Warning: SPOILERS TO FOLLOW!
So I’m going to start this off by saying that I think Charlie Kaufman is a great screenwriter and filmmaker, but that in no way affects my opinion of this movie. For example, I also happen to love P.T. Anderson with Boogie Nights being one of my all-time favourite films ever, but I absolutely hated Inherent Vice. Now as for Kaufman, Eternal Sunshine of the Spotless Mind is also one of my all-time favourite movies ever, but he didn’t direct that one, he only wrote it. His first movie that he both wrote and directed was Synecdoche, New York which I am fine never seeing again considering it was quite possibly the world’s most depressing film ever conceived. It wasn’t bad, it was actually quite good, but each scene was more depressing than the scene that preceded it and by the end of the movie you basically want to kill yourself, so yeah, one viewing is all I need.
But now onto his latest film Anomalisa. So what is Anomalisa? It’s a stop-motion animated film written and (co-)directed by Charlie Kaufman. It was completely funded on Kickstarter.com. It was originally just a soundplay and the three actors that were used to voice the soundplay reprised their roles for the movie.
Now you might be thinking, “Only three actors? Are there only three characters in the whole thing?” Well, no, but this is where the movie starts to get…interesting. I didn’t know much about this film going into it besides it was a Charlie Kaufman film, so I expected weird and unusual and I definitely got it. Besides the two main characters (Michael and the titular Lisa), every other character in the film (men, women and children) is voiced by Tom Noonan. Now Mr. Noonan will do a slight falsetto when portraying women, but you can tell it’s all one voice.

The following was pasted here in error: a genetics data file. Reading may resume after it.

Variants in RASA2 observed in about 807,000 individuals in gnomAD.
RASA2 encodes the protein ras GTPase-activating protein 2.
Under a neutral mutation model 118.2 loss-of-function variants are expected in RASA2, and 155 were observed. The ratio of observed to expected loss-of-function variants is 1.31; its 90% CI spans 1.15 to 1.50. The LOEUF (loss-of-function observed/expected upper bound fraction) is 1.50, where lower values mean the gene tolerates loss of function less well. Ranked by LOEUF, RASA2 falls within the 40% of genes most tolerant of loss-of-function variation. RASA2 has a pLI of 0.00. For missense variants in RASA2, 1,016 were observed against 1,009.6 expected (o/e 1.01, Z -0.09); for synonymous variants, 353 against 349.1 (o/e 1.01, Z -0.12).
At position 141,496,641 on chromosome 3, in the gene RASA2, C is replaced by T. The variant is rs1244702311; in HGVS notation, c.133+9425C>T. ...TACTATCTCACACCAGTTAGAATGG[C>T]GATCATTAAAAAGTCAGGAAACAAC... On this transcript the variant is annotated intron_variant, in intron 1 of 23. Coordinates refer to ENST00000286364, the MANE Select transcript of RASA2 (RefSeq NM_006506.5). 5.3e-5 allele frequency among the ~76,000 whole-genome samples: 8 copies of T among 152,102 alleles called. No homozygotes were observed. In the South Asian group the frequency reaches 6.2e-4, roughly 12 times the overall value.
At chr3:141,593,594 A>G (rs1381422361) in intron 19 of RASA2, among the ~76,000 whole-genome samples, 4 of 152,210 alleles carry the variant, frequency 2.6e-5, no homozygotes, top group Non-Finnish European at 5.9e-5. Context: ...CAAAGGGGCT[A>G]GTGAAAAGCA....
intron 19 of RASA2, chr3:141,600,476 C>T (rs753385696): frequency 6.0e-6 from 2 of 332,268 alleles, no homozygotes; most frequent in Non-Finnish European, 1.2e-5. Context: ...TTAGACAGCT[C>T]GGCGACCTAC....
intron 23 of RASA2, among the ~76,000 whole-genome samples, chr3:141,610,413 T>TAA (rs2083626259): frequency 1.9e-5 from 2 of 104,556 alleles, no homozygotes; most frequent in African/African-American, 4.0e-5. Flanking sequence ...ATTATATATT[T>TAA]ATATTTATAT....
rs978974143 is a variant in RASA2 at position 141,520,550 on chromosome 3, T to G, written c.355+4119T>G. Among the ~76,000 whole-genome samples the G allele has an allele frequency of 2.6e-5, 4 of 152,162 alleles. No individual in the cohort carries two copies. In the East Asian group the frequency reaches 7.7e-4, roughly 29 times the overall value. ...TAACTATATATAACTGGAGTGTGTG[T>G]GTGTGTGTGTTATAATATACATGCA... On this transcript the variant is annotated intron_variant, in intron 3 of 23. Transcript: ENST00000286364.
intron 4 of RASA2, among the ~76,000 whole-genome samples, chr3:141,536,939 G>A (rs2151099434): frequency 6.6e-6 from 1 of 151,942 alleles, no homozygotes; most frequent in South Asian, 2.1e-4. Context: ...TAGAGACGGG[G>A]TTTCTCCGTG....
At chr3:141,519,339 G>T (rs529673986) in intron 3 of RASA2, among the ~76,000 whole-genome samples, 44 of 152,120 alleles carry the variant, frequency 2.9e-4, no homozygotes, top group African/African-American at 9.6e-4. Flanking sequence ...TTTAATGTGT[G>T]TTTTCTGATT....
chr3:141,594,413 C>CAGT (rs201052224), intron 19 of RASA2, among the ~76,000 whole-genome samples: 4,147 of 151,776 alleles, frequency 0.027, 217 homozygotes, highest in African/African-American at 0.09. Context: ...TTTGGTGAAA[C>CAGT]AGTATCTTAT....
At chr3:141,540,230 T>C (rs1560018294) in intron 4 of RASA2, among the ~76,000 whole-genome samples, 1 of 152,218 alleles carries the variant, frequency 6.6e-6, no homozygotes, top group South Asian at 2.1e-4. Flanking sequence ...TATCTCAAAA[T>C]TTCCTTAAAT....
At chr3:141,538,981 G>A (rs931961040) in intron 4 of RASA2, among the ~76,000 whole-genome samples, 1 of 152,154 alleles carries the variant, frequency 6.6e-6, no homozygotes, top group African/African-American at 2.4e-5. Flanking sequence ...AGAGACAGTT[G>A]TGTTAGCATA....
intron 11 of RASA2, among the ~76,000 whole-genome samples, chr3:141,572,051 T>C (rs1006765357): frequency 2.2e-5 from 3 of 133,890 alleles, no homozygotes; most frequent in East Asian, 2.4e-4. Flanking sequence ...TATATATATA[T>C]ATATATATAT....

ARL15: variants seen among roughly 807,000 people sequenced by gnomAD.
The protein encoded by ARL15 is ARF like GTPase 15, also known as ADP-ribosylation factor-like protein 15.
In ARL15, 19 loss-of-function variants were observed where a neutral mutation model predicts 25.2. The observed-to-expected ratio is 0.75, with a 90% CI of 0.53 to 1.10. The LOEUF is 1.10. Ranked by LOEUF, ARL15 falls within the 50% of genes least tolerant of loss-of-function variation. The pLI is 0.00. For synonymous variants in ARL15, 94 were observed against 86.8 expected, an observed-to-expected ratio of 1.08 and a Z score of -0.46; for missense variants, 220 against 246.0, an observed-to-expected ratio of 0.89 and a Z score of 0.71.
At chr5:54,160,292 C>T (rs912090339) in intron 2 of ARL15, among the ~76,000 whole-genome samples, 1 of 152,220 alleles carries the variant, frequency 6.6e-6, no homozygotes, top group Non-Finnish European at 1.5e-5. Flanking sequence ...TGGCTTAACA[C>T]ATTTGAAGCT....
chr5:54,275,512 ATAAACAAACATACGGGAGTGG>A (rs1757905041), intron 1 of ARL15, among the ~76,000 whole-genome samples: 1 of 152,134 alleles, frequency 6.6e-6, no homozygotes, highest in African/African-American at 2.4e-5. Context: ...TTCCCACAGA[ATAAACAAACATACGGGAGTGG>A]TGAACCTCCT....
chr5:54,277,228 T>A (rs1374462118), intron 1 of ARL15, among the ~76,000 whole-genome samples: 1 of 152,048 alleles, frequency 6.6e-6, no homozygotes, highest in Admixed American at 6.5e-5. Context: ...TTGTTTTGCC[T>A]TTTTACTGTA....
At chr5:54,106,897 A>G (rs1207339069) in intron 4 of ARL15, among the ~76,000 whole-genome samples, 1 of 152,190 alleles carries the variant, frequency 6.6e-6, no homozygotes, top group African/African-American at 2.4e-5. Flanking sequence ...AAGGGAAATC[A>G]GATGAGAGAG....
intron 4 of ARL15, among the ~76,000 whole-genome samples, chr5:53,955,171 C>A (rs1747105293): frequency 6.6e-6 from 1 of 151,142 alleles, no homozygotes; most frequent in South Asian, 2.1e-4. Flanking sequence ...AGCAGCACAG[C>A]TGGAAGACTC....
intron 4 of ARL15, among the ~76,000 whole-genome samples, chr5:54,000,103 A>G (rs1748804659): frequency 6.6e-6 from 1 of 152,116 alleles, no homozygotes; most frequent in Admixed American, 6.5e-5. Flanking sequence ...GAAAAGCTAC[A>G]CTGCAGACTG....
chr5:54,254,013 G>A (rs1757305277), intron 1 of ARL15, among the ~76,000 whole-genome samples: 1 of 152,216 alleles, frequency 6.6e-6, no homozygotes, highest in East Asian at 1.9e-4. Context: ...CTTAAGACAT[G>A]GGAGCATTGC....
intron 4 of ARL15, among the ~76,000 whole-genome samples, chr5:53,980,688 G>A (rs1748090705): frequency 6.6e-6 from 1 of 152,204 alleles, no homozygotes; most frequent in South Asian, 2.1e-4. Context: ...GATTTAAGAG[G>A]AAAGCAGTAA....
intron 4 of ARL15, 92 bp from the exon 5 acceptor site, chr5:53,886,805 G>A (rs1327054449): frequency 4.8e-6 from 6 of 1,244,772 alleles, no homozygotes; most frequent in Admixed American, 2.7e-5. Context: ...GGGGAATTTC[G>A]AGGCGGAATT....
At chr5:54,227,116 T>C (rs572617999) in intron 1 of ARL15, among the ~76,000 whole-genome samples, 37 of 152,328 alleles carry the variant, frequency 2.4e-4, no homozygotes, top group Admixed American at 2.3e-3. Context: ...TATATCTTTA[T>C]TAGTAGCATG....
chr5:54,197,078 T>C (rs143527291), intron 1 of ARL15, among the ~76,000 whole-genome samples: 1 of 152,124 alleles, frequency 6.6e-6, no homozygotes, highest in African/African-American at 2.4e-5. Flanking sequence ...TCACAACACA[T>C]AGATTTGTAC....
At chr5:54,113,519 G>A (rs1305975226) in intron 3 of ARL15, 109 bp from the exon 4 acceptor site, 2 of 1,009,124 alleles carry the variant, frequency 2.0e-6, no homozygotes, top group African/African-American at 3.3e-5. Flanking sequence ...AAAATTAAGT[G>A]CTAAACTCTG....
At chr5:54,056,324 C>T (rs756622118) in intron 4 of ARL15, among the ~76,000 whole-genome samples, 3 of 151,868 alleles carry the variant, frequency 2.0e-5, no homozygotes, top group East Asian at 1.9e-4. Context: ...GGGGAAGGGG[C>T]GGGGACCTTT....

I didn’t quite understand why the women sounded like men or what it had to do with the main story, but part way through the film when Michael is talking about voices, it became apparent that this was clearly done intentionally. In fact, I probably didn’t understand most of what this movie had to offer when I was watching it and it wasn’t until I started looking things up about the film after my viewing that I started to understand how complex the film actually is.
If there’s one thing that Kaufman likes to do in his films it’s take a look at the human mind and how it can completely mess with people. Eternal Sunshine did it, Being John Malkovich did it and Anomalisa definitely does this. It’s hinted at that Michael has what is called the Fregoli delusion. Now this is very interesting and something that I had never heard of before this film, but the Fregoli delusion is a rare psychological disorder where someone believes that everyone else is actually the same person in disguise. Hence why everyone else has the exact same voice. The only clue to him having this disorder is that the hotel he stays at is The Fregoli Hotel.
It’s that kind of subtlety that Kaufman shines at. You see, the main story isn’t that complex, it’s actually very simple: a middle-aged man travels to Cincinnati for one night because he’s speaking at a conference about customer service and (ironically) how you should treat each person as an individual. He’s tired of his mundane, boring life and seemingly wants to have an affair that night. Now he meets a woman whose voice is actually different, enter Lisa, an anomaly. In a world where everyone is the same, Lisa is unique. He instantly falls in love with her. That’s pretty much it. At least, that’s it if you don’t look at all of the subtext and the complexity of what the film has underneath.